On February 23rd, the National Weather Service noted that several locations along the Ohio River near Louisville were under flood warnings. Parts of Arkansas and Indiana are also preparing for major flooding.

Data collected from December 21, 2017 to February 23, 2018 in this NASA TMPA rainfall anomaly analysis indicated that parts of the upper Midwest have had 5 mm (0.2 inches) of precipitation per day above normal so far this winter. (NASA/Hal Pierce)

Data collected from December 21, 2017 to February 23, 2018 in this NASA TMPA rainfall anomaly analysis indicated that parts of the upper Midwest have had 5 mm (0.2 inches) of precipitation per day above normal so far this winter. (NASA/Hal Pierce)

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NASA studies effects of Dust, Warm Weather on Melting Snow and Spring Runoff

 

Written by Carol Rasmussen
NASA’s Earth Science News Team

NASA - National Aeronautics and Space AdministrationWashington, D.C. – A new study has found that dust, not spring warmth, controls the pace of spring snowmelt that feeds the headwaters of the Colorado River. Contrary to conventional wisdom, the amount of dust on the mountain snowpack controls how fast the Colorado Basin’s rivers rise in the spring regardless of air temperature, with more dust correlated with faster spring runoff and higher peak flows.

The finding is valuable for western water managers and advances our understanding of how freshwater resources, in the form of snow and ice, will respond to warming temperatures in the future.

A coating of dust on snow speeds the pace of snowmelt in the spring. (NASA)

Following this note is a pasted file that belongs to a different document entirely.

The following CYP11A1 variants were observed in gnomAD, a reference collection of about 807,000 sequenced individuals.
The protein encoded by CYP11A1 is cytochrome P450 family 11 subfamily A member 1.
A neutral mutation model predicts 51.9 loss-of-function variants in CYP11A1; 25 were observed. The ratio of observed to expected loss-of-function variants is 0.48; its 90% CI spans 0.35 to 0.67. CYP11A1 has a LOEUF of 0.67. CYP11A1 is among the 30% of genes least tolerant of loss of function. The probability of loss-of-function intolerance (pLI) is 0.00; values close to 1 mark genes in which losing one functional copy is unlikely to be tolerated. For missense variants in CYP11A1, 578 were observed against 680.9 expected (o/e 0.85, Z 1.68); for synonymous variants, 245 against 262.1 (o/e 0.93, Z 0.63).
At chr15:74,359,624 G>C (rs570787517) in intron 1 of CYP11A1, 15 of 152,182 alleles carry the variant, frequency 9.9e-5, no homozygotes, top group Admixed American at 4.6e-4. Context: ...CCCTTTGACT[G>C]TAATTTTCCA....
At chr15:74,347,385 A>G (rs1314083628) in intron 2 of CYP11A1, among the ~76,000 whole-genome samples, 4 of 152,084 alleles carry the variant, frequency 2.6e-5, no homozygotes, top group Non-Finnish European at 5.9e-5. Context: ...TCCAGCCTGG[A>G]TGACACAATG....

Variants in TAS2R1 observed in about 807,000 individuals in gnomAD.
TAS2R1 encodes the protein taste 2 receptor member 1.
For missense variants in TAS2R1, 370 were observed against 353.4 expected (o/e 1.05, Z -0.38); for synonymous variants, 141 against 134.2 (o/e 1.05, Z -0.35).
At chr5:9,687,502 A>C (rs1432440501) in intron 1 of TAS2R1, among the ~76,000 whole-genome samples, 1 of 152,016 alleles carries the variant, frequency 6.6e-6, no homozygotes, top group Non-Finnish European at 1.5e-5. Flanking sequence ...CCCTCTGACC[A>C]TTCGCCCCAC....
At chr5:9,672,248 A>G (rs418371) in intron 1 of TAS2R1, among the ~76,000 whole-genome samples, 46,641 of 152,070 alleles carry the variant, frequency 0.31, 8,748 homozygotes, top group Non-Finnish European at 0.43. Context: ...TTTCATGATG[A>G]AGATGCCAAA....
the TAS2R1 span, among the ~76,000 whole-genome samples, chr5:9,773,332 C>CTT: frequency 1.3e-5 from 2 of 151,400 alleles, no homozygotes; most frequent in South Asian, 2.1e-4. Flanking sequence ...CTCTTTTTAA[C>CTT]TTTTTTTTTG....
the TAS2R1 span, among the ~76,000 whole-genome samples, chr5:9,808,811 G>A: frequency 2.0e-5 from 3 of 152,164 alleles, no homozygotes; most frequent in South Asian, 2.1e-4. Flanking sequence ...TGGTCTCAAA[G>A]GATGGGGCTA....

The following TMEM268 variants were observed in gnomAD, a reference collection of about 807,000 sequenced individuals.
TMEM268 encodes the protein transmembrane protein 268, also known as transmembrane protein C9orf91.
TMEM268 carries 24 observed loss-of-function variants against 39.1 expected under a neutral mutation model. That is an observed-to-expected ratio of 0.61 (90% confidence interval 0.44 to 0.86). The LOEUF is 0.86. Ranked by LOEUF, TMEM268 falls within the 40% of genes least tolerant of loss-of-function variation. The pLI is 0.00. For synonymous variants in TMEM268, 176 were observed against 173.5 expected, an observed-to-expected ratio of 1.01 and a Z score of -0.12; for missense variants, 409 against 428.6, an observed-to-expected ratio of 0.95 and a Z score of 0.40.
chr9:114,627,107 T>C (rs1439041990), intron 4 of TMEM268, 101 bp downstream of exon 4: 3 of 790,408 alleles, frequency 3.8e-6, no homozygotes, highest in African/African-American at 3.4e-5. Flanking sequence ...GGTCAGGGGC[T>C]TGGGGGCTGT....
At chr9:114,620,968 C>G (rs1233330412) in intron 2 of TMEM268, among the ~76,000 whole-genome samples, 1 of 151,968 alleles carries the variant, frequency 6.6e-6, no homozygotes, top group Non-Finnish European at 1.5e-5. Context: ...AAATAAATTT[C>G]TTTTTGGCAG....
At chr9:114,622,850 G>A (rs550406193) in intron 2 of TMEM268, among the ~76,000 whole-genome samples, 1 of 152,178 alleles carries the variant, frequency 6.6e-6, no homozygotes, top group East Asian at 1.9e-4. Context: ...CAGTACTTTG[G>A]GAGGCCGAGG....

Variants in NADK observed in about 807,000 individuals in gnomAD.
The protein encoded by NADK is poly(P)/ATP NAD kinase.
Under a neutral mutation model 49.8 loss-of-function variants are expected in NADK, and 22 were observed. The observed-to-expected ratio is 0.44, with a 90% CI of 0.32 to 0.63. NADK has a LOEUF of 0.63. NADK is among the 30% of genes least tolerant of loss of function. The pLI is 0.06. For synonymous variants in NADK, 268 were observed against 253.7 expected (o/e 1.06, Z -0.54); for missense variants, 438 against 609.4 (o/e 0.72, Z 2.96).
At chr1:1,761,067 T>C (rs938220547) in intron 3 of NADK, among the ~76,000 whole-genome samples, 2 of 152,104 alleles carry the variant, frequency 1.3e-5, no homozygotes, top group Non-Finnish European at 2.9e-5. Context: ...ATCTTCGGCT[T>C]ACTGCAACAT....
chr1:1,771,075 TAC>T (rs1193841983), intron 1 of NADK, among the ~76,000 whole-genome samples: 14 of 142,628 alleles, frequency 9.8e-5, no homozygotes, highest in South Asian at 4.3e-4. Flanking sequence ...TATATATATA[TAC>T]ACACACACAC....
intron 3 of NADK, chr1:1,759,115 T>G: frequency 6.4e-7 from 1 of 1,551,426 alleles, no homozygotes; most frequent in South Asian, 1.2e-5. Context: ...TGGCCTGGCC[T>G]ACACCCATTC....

A coating of dust on snow speeds the pace of snowmelt in the spring. (NASA)

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Flood Advisory continues for Cumberland River at Clarksville-Montgomery County

 

National Weather ServiceNashville, TN – The National Weather Service says that while the rain is over and waters are beginning to recede, the Cumberland River at Clarksville remains in Action Stage. It is expected to fall out of Action Stage this evening.

The Flood Advisory continues until late tonight.

At 4:00am, Saturday, September 2nd the stage was 41.7 feet and falling. Action stage is 40.0 feet. The river will continue to fall to near 34.4 feet by tomorrow morning.

The Cumberland River in Clarksville crested at 42.08 feet around 10:00pm Friday night.

The Cumberland River in Clarksville crested at 42.08 feet around 10:00pm Friday night.

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Montgomery County Weather Update

 

Montgomery County Government TennesseeMontgomery County, TN – Due to heavy rains, numerous trees and power lines are down throughout the county.

The National Weather Service reported between six to seven and one half inches of rain in Montgomery County. Currently, 3,433 CEMC Montgomery County customers are without power and 409 CDE customers are without power.

Heavy rain has caused run off and flooding across Montgomery County.

Heavy rain has caused run off and flooding across Montgomery County.